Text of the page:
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President Russell M. Nelson, president of The Church of Jesus Christ of Latter-day Saints, tours the renovation work at the Salt Lake Temple in Salt Lake City on Saturday, May 22, 2021.
President Russell M. Nelson, president of The Church of Jesus Christ of Latter-day Saints, tours the renovation work at the Salt Lake Temple in Salt Lake City on Saturday, May 22, 2021.
Jeffrey D. Allred, Deseret News

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Temple and spiritual foundations need to be strengthened, President Nelson says

Latter-day Saints must take unprecedented measures to strengthen their spiritual foundations like the extraordinary effort to reinforce the original, pioneer-era foundation of the iconic Salt Lake Temple, President Russell M. Nelson said Sunday morning.

He delivered the message, accompanied by striking video and other images of his visit to the renovation site in May, during the 191st Semiannual General Conference.

“We are sparing no effort to give this venerable temple, which had become increasingly vulnerable, a foundation that will withstand the forces of nature into the Millennium,” President Nelson said. “In like manner, it is now time that we each implement extraordinary measures — perhaps measures we have never taken before — to strengthen our personal spiritual foundations.

“Unprecedented times call for unprecedented measures.”

He asked listeners to consider how firm their spiritual foundations are and what reinforcement their spiritual lives and understanding need. He invited them to center lives on Jesus Christ and temple ordinances and covenants, encouraging them to attend the temple more often.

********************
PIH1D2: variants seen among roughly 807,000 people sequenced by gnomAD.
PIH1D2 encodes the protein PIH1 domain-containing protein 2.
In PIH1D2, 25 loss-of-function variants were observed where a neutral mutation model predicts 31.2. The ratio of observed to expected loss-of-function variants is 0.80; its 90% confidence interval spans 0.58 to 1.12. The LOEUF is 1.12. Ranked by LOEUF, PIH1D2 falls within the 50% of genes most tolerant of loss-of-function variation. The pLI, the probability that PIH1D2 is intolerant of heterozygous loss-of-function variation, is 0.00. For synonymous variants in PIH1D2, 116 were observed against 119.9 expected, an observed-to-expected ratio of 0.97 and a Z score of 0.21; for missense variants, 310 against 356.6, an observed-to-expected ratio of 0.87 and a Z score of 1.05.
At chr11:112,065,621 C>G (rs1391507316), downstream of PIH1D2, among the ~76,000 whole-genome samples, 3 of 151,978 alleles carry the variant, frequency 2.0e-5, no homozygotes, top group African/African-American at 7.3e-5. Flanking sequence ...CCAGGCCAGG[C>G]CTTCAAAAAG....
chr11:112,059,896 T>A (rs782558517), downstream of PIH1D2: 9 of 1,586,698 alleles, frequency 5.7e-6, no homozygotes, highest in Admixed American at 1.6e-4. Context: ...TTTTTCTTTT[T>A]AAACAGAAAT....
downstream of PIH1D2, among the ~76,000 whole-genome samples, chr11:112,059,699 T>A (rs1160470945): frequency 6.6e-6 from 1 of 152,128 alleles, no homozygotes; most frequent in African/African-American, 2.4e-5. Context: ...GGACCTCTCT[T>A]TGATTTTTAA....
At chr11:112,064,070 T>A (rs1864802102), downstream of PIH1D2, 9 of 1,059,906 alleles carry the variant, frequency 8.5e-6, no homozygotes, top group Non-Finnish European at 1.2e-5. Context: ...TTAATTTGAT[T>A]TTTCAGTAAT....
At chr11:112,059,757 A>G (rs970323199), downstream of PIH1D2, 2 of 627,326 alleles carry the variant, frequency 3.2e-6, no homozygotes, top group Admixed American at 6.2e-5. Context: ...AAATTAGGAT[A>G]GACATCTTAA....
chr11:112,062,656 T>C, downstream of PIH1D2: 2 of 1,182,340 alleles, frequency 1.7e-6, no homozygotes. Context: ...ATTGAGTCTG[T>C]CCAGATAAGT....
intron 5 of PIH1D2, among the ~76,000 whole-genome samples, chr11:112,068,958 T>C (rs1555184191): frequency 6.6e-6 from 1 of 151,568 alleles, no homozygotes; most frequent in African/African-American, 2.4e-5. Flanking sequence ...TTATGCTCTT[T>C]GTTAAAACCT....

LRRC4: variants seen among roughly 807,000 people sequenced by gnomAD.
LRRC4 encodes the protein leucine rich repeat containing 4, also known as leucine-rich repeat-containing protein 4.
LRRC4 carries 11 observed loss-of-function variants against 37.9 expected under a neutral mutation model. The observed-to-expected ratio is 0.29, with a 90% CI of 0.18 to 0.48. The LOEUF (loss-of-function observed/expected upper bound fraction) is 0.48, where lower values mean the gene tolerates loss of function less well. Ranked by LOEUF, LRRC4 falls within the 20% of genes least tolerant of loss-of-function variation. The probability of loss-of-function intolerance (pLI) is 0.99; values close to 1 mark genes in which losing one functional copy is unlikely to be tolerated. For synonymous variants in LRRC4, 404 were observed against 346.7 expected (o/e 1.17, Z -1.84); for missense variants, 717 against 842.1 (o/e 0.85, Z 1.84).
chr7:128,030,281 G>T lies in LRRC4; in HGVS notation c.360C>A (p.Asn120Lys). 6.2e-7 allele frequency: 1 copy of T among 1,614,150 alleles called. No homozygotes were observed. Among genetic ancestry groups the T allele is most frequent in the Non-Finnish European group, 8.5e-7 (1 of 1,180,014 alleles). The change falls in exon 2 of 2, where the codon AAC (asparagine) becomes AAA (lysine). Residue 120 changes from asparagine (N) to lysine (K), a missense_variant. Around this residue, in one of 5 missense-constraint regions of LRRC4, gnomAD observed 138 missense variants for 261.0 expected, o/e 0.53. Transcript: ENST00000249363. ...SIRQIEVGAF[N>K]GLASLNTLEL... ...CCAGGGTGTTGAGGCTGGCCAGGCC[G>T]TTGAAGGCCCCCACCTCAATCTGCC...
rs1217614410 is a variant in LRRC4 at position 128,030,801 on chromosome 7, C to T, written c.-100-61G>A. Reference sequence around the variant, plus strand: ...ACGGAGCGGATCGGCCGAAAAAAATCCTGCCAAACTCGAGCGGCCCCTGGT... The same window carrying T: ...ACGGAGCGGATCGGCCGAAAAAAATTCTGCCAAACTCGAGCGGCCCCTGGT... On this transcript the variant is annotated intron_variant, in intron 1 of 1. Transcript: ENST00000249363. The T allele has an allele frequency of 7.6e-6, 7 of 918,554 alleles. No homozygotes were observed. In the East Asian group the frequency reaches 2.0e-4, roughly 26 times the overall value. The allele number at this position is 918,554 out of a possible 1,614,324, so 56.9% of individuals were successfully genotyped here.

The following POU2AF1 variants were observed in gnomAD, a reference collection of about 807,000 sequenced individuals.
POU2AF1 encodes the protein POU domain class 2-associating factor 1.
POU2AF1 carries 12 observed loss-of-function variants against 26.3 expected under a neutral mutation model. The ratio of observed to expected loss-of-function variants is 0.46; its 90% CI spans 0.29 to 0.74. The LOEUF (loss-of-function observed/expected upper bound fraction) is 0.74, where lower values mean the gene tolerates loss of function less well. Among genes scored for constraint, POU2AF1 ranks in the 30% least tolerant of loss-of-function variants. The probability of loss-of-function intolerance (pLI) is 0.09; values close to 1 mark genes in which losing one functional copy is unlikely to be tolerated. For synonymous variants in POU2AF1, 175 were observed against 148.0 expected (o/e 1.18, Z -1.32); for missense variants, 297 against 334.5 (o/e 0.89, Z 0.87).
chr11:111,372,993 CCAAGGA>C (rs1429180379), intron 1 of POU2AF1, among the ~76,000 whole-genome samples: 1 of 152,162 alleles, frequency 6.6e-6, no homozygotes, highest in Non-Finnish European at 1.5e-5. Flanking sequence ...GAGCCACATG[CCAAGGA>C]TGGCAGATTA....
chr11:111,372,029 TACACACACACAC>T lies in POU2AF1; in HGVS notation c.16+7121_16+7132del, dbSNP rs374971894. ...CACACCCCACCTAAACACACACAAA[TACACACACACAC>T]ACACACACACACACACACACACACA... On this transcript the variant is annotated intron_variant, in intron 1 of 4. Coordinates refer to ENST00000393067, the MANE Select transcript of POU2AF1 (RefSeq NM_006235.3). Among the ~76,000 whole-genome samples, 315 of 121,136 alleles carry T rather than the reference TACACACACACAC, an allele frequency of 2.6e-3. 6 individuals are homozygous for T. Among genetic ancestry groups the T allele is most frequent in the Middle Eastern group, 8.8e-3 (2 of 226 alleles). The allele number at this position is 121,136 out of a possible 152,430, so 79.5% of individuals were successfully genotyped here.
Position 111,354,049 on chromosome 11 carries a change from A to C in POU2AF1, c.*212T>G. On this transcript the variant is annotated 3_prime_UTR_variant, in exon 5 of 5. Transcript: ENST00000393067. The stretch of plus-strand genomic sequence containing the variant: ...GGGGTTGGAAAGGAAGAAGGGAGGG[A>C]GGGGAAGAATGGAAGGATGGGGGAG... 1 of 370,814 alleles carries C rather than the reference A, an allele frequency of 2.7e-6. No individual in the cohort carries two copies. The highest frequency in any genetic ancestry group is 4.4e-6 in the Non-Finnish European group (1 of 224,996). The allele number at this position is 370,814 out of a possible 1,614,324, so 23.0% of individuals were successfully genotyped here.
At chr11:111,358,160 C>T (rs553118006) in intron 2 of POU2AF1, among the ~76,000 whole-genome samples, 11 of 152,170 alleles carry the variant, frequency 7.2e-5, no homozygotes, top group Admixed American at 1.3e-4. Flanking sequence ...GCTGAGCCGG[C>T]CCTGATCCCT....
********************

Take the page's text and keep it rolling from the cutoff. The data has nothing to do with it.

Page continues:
He said the temple will be the safest place in the Salt Lake Valley when the work is done.

“Likewise, whenever any kind of upheaval occurs in your life, the safest place to be spiritually is living inside your temple covenants,” which bind Latter-day Saints securely to Christ, he said.

President Nelson delivered his talk to millions participating in a virtual global conference originating from the Conference Center across the street from the Salt Lake Temple. The temple’s spires have been removed and stored, the towers are surrounded by scaffolding and the foundation exposed for the work to strengthen them.

Construction workers began the major seismic strengthening process last month, inserting massive steel pipes below its existing foundations.

Other leaders shared messages about order, straight paths and unity.

Church members need to seek personal peace and restoration in daily life, two leaders said. That is increasingly difficult, said Elder Quentin L. Cook of the Quorum of the Twelve Apostles.

  • “In my lifetime, I have never seen a greater lack of civility. We are bombarded with angry contentious language and provocative, devastating actions that destroy peace and tranquility.”

That only makes it more vital, he said.

  • “Universal peace was not part of the Savior’s initial mortal ministry. Universal peace does not exist today. However, personal peace can be achieved despite the anger, contention, and division that blights and corrupts our world today. It has never been more important to seek personal peace.”

He suggested five “works of righteousness” to help members find peace among disputation and contention:

  • First, love God, live his commandments and forgive everyone.
  • Second, seek the fruits of the spirit.
  • Third, exercise agency to choose righteousness
  • Fourth, build Zion in our hearts and homes.
  • Fifth, follow the current admonitions of the prophet, President Nelson.

Human beings tend to wander, a fact proved in a study that showed people without landmarks walk in circles, said Elder Dieter F. Uchtdorf of the Quorum of the Twelve Apostles.

“Unlike the wandering test subjects, we have reliable, visible landmarks that we can use to evaluate our course,” he said.